Passage of a foreign ship shall be considered to be prejudicial to the peace, good order or security of the coastal State, [4] if in the territorial sea it engages any threat or use of force against the sovereignty, territorial integrity or political independence of the coastal State, or in any other manner in violation of the principles of international law embodied in the Charter of the United Nations; any exercise or practice with weapons of any kind; any act aimed at collecting information to the prejudice of the defence or security of the coastal State; any act of propaganda aimed at affecting the defence or security of the coastal State; the launching, landing or taking on board of any aircraft; the launching, landing or taking on board of any military device; the loading or unloading of any commodity, currency or person contrary to the customs, fiscal, immigration or sanitary laws and regulations of the coastal State; any act of willful and serious pollution contrary to this Convention; any fishing activities; the carrying out of research or survey activities; any act aimed at interfering with any systems of communication or any other facilities or installations of the coastal State; any other activity not having a direct bearing on passage.

CONCEPT OF INNOCENT PASSAGE UNDER INTERNATIONAL LAW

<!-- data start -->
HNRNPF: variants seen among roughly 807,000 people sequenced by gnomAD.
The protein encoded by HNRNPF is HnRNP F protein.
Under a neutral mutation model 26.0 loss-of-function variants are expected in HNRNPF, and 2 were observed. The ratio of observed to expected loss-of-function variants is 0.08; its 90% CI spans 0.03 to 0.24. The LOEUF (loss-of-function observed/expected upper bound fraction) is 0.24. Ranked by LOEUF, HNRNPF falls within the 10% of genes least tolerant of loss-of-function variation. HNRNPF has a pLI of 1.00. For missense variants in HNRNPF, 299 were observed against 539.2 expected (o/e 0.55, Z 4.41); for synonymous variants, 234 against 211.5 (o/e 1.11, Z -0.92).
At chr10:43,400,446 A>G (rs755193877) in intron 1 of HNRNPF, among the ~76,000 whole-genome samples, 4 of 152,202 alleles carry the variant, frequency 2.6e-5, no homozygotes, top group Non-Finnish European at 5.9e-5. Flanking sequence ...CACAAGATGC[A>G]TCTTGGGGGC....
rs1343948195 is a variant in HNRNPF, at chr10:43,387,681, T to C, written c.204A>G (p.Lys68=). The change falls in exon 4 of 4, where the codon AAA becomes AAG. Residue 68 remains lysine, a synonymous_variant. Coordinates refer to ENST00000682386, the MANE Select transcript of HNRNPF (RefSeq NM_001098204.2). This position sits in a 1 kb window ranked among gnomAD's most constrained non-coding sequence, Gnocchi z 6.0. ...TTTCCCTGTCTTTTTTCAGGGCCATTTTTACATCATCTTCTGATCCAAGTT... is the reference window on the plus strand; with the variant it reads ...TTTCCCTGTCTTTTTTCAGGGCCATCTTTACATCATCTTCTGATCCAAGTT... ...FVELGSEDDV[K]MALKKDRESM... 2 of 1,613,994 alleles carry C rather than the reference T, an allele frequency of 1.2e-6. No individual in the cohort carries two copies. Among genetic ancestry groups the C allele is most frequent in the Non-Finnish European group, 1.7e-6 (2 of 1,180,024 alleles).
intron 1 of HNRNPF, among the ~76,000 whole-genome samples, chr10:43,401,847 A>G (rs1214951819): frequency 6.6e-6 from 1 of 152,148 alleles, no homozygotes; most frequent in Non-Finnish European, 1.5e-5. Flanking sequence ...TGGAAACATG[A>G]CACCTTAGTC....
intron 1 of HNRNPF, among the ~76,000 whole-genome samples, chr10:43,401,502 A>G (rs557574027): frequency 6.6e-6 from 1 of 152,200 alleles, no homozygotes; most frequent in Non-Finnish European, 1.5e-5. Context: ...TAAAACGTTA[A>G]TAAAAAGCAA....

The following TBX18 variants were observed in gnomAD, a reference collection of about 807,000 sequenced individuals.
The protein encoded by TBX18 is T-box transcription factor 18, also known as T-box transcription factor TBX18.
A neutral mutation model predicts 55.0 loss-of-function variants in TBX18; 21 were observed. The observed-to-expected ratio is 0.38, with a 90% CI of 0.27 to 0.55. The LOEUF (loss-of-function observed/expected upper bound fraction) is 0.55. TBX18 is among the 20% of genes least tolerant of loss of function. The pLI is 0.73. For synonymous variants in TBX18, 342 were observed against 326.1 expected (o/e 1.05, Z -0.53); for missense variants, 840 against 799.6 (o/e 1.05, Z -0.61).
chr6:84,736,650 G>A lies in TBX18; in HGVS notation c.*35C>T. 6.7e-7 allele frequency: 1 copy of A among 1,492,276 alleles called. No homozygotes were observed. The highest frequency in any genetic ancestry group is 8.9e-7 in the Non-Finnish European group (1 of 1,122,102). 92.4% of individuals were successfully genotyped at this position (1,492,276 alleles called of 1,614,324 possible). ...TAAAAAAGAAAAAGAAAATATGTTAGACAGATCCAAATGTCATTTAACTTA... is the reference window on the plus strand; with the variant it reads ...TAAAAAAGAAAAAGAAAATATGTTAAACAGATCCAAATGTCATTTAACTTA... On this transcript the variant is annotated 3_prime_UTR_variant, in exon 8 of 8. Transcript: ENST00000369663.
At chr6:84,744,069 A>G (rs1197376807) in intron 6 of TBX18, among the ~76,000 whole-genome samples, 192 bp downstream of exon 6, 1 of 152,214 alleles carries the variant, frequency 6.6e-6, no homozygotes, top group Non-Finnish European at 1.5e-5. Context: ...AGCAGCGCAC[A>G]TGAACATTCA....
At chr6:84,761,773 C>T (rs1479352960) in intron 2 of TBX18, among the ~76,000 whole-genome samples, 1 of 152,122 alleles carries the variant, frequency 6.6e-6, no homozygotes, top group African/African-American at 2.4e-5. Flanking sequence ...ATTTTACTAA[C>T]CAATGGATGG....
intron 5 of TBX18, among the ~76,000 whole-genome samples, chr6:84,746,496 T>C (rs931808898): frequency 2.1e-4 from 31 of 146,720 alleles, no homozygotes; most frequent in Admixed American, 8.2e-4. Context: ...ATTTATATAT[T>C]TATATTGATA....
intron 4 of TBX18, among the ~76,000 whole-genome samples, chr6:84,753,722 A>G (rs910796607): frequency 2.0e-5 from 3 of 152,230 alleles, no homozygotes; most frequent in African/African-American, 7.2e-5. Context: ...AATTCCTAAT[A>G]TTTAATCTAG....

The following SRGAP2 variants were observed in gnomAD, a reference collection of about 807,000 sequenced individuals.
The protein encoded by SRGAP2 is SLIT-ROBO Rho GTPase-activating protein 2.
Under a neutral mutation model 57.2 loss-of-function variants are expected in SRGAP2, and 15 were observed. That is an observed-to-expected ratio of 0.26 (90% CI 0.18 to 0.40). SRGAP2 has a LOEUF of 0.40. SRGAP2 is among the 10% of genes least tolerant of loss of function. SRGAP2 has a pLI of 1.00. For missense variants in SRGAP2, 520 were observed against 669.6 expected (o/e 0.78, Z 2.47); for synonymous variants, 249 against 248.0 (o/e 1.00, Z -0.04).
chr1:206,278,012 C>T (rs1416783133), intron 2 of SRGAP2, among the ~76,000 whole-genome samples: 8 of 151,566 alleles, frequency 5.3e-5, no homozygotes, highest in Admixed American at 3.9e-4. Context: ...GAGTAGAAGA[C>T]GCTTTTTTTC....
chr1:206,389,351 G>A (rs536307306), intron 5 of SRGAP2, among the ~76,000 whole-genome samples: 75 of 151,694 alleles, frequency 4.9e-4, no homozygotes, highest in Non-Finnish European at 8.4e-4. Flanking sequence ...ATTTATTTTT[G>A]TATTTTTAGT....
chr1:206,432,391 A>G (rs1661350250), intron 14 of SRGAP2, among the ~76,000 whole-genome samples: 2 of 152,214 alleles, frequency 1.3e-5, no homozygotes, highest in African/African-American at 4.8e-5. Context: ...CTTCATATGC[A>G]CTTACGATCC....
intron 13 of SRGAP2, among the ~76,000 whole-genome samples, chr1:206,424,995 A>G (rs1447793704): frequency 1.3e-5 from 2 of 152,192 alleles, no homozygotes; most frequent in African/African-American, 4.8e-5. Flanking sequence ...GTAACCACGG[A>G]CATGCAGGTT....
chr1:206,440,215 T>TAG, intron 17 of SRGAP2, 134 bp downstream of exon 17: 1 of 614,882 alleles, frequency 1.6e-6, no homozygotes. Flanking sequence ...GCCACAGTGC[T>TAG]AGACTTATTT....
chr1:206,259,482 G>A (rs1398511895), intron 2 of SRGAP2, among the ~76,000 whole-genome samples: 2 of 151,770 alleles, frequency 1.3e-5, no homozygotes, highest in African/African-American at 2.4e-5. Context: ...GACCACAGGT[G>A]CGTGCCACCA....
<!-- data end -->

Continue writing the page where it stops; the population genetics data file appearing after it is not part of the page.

Innocent passage is as old as the law of the sea itself and is a normal consequence of freedom of navigation; the doctrine was elaborated in Article 14 of the convention on the law of the sea 1958, which emphasized that that the coastal state must not hamper innocent passage and must publicise any dangers to navigation in territorial sea of which it is aware. Passage is defined as navigation through the territorial sea for the purpose of crossing that sea without entering internal waters or of proceeding to or from internal waters. It may include temporary stoppages, but only if they are incidental to ordinary navigation or necessitated by distress or force majeure [5] . it was practiced by maritime powers throughout the centuries with such consistency, and was affirmed by Jessup in 1927 that "As a general principle, the right of innocent passage requires no supporting argument or citation of authority; it is firmly established in international law [6] ." "Innocent passage" must be interpreted and applied in the light of national law which has been implemented by the coastal state. Every coastal state can adopt laws regarding the safety of navigation, laying of submarine cables, resources, fishing, environmental protection, scientific research, prevention of infringement of customs, fiscal, immigration, or sanitary laws and prevention of pollution as well as implement sea lanes and traffic separation schemes or suspend temporarily the right of innocent passage in specified areas of its territorial sea, subject only to the restriction that any such measures must be in conformity with the Convention and international law relating to "innocent passage" [7] .